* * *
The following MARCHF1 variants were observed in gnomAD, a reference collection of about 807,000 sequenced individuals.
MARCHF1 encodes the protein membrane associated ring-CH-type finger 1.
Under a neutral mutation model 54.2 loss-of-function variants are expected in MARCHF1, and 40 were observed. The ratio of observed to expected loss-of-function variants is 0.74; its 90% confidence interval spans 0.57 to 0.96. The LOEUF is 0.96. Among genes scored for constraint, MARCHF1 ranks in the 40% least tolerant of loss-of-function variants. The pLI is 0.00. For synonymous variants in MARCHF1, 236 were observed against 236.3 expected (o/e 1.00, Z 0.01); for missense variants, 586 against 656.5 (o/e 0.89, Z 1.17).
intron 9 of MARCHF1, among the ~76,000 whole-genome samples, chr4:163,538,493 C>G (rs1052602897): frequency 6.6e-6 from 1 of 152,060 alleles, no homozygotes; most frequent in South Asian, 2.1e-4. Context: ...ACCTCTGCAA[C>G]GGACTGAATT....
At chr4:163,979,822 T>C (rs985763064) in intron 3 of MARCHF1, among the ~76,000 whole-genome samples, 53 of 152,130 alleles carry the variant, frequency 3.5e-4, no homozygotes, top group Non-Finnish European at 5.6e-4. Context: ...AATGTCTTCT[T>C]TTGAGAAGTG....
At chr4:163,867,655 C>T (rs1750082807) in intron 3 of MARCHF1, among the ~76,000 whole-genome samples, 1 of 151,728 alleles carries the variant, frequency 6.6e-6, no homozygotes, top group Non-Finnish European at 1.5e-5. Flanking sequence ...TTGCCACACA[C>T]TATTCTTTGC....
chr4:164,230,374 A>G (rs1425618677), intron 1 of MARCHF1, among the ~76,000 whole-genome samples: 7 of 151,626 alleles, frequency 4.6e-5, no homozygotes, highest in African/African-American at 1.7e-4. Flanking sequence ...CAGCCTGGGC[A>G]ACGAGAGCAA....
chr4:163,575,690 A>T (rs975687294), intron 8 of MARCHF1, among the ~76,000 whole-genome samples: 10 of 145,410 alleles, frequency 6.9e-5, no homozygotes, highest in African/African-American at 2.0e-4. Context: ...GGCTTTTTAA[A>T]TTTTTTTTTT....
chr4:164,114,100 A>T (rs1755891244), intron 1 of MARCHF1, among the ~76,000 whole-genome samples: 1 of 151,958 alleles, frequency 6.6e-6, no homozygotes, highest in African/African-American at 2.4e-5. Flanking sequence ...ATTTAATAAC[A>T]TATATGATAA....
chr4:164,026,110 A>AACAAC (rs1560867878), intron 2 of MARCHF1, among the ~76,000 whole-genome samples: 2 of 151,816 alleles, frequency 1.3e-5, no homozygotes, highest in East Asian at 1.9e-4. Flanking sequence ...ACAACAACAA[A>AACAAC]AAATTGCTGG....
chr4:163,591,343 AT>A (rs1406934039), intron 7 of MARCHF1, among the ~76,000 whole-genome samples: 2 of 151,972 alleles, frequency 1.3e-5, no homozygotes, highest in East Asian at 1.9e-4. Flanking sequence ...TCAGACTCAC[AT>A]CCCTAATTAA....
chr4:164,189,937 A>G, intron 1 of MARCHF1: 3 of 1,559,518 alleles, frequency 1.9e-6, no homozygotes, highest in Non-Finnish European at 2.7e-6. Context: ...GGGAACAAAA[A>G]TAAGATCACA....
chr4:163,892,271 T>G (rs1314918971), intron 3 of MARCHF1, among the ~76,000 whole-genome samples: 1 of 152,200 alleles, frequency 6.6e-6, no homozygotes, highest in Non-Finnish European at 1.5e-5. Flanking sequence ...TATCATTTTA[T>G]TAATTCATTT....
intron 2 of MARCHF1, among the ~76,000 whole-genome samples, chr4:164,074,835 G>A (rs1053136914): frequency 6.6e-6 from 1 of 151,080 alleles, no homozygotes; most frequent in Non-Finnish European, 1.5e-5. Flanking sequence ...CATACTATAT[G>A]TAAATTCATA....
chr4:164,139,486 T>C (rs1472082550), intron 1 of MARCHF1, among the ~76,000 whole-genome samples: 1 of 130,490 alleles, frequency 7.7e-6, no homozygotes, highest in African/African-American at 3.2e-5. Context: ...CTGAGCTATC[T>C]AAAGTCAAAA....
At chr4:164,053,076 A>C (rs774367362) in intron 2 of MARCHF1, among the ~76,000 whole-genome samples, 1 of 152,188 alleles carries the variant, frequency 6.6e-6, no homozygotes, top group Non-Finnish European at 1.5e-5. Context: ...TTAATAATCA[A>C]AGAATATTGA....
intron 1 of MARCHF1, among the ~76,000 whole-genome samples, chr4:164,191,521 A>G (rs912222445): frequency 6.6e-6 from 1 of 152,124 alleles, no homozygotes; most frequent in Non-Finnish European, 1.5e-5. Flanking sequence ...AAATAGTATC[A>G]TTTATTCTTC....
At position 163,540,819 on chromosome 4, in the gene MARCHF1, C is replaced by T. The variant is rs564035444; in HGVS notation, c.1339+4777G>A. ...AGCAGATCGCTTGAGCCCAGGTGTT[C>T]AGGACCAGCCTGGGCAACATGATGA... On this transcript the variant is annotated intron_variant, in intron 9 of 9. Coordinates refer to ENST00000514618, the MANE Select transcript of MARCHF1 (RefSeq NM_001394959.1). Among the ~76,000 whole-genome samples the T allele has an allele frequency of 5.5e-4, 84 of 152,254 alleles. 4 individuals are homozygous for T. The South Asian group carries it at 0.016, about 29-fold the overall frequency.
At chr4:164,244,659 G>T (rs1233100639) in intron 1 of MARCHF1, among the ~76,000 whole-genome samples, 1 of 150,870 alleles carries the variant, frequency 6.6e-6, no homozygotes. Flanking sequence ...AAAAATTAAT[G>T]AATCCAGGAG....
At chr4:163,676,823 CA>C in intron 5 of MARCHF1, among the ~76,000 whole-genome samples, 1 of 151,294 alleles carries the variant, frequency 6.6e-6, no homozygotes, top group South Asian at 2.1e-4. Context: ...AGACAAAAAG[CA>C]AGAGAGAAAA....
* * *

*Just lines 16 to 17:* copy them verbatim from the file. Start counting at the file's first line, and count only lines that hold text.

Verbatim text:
At chr4:164,053,076 A>C (rs774367362) in intron 2 of MARCHF1, among the ~76,000 whole-genome samples, 1 of 152,188 alleles carries the variant, frequency 6.6e-6, no homozygotes, top group Non-Finnish European at 1.5e-5. Context: ...TTAATAATCA[A>C]AGAATATTGA....
intron 1 of MARCHF1, among the ~76,000 whole-genome samples, chr4:164,191,521 A>G (rs912222445): frequency 6.6e-6 from 1 of 152,124 alleles, no homozygotes; most frequent in Non-Finnish European, 1.5e-5. Flanking sequence ...AAATAGTATC[A>G]TTTATTCTTC....